Exploring Natural Stone and Building a National Identity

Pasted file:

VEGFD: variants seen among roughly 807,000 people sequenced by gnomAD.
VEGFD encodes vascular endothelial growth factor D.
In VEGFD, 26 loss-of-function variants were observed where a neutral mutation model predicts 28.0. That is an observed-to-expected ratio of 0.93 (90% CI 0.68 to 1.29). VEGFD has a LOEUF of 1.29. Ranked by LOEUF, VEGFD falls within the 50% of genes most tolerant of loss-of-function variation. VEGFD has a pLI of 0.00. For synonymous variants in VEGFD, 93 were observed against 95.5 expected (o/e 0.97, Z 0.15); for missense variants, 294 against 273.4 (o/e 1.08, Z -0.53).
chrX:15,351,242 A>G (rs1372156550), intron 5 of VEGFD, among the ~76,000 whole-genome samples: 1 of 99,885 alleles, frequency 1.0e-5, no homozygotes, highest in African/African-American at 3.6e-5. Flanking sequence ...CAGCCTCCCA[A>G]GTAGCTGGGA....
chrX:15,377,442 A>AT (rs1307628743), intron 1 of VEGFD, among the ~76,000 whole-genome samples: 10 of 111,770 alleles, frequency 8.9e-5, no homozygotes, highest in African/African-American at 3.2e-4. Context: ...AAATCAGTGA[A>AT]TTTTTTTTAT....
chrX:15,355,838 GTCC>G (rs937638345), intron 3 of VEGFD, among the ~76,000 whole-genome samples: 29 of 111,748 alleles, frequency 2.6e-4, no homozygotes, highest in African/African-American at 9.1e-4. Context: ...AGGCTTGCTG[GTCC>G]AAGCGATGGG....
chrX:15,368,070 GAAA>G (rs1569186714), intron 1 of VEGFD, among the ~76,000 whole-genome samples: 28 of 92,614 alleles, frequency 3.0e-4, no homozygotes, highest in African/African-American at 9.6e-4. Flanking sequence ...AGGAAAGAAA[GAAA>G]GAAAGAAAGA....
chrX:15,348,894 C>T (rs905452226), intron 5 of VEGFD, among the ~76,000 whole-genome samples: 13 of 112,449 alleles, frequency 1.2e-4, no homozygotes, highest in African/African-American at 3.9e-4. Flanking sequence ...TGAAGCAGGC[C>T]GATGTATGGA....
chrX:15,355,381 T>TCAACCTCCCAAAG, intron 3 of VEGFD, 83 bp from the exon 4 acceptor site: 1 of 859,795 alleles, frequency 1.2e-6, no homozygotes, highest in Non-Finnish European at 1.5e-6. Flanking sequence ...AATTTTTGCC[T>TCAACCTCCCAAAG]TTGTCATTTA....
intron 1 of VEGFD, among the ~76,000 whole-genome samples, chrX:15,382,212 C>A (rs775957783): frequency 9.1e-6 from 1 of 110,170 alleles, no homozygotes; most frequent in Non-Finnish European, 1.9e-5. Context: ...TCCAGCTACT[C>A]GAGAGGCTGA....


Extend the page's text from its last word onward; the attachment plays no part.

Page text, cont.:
In the second half of the 19th century, new methods for quarrying and processing natural stone were developed. In the Nordic countries Sweden, Norway, and Finland, this technological progress went hand in hand with a systematic geological mapping and large-scale exploitation of natural stone deposits. As a result, new constructions were developed, changing the building practice in these countries. With the end of historicism, a new architecture arose that, particularly in Norway and Finland, acquired a national-romantic character. This paper examines the interaction between geological exploration, commercial development, technical inventions, and the development of national-romantic architecture.